The National Gay and Lesbian Task Force, in conjunction with several other groups, just concluded a press conference here in DC also making that same demand. ENDANow live tweeted from the event. Via those tweets, NGLTG’s Rea Carey said, “We’re here to demand that Congress pass ENDA without delay.”
As we noted last week, there have already been many delays and broken promises on ENDA. And, it looks like there will be further delays.
Coincidentally (or not), yesterday, Speaker Pelosi hosted a conference call with representatives from several advocacy groups, though notably not the Task Force nor GetEQUAL. She laid out timelines and hurdles to passage of ENDA and the repeal of DADT. There could be a DADT vote next week when the House considers the 2011 Defense authorization bill. The looming issue for ENDA is whatever the GOP concocts as a “motion to recommit.” Kerry Eleveld has the scoop on Pelosi’s conference call:
On the call, the Speaker suggested that the motion to recommit could be harsher than activists originally anticipated, and said that while she believed ENDA could pass if it were put to vote right now, she was concerned that progressive Democrats could not overcome a narrowly targeted motion to recommit.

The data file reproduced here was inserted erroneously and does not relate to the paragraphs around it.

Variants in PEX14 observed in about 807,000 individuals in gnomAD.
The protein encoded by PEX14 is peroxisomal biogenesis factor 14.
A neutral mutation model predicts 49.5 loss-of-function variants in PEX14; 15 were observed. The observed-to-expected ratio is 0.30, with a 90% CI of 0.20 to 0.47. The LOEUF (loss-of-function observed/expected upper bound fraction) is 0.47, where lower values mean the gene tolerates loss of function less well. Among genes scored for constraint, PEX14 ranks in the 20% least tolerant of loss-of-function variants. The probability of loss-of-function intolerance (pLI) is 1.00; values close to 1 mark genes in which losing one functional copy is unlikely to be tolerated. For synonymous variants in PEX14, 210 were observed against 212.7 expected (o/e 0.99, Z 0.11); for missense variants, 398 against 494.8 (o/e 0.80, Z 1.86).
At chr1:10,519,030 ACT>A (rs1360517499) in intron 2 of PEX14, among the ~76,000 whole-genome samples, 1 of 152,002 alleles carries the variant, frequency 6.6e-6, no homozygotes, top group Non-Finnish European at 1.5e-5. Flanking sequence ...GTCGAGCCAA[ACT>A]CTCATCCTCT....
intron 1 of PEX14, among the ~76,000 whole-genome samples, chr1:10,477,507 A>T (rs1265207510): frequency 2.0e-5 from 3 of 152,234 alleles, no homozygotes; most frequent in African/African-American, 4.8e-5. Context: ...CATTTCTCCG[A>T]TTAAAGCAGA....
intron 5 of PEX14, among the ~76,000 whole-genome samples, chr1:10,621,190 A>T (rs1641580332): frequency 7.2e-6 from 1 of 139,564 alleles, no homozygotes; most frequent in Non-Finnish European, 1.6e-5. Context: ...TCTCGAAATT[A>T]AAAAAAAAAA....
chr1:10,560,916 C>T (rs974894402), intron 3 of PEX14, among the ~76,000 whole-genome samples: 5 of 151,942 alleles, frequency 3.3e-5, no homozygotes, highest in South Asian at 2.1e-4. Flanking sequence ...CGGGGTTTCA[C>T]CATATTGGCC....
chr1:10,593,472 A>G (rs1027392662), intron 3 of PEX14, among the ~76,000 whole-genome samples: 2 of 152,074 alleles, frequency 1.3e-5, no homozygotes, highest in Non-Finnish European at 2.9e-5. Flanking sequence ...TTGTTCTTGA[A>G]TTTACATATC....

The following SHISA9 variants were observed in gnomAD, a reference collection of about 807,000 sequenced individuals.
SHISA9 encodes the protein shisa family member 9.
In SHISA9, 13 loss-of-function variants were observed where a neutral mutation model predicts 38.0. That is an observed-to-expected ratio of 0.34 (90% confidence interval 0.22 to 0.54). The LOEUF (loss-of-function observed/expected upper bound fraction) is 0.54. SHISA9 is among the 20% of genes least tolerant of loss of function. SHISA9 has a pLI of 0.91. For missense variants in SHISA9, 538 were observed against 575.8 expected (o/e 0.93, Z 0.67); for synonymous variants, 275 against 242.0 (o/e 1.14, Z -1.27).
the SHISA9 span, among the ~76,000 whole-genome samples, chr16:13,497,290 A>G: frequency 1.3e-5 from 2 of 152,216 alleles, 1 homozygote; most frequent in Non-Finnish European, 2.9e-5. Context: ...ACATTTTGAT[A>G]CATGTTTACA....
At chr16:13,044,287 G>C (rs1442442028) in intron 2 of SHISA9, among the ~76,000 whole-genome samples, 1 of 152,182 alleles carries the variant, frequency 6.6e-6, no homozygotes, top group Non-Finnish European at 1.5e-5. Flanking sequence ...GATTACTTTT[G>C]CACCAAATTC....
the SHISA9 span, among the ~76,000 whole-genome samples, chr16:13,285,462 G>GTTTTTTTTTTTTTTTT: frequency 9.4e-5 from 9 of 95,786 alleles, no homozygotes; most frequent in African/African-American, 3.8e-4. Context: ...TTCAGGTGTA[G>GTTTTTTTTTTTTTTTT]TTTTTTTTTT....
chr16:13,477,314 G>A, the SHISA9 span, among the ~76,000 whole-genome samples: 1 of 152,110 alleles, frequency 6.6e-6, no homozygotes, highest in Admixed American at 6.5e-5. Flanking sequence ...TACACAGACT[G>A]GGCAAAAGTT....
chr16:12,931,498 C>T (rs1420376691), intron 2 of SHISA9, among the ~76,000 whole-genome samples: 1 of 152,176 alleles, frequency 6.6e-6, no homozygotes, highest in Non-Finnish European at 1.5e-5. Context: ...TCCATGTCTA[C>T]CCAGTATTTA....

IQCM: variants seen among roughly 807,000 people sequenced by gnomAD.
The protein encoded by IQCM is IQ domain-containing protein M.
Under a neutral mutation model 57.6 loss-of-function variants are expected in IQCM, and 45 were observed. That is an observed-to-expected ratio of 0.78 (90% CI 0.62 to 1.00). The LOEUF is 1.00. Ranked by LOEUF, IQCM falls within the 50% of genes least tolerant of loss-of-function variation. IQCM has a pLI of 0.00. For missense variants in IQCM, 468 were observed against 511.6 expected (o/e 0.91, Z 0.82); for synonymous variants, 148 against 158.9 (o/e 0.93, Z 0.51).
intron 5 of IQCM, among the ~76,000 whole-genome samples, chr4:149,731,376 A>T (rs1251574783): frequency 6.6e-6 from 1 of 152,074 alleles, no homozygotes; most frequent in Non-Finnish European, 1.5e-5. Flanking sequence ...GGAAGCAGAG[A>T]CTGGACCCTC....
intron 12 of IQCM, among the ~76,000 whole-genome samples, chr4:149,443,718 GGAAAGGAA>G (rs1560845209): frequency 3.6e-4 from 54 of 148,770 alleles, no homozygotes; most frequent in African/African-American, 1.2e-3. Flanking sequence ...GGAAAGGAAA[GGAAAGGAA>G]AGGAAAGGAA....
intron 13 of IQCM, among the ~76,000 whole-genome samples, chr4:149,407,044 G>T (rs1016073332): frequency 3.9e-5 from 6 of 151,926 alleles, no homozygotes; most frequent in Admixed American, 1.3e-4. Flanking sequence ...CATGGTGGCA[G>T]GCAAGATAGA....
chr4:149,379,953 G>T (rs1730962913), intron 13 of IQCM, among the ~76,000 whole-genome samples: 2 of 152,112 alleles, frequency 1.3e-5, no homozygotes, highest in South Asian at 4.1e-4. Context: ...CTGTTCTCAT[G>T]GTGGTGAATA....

However, the second source added that Pelosi said she did not intend to leave this Congress without putting ENDA to a vote in the House. “It’s not one or the other,” the source recalled Pelosi saying in reference to ENDA and DADT.
If ENDA is not called to vote this week and the House considers DADT next week, any vote on employment protections legislation would be pushed back at least into the second week of June, after lawmakers return from a weeklong recess during the first week. ENDA has yet to be voted on in committee, but LGBT advocates anticipate that the House vote will commence shortly after committee passage.
The call included several Pelosi aides and representatives from a mix of DC- and California-based organizations: the Human Rights Campaign, the National Center for Transgender Equality, the National Center for Lesbian Rights, Equality California, the Transgender Law Center, and the Equality Federation.
The further the vote gets pushed back, the harder it will be to bring it to the floor. Many in Pelosi’s caucus don’t want to take any more “hard” or “controversial” votes. On Capitol Hill, LGBT = controversial. (They only really like us during campaign season when we donate or volunteer.)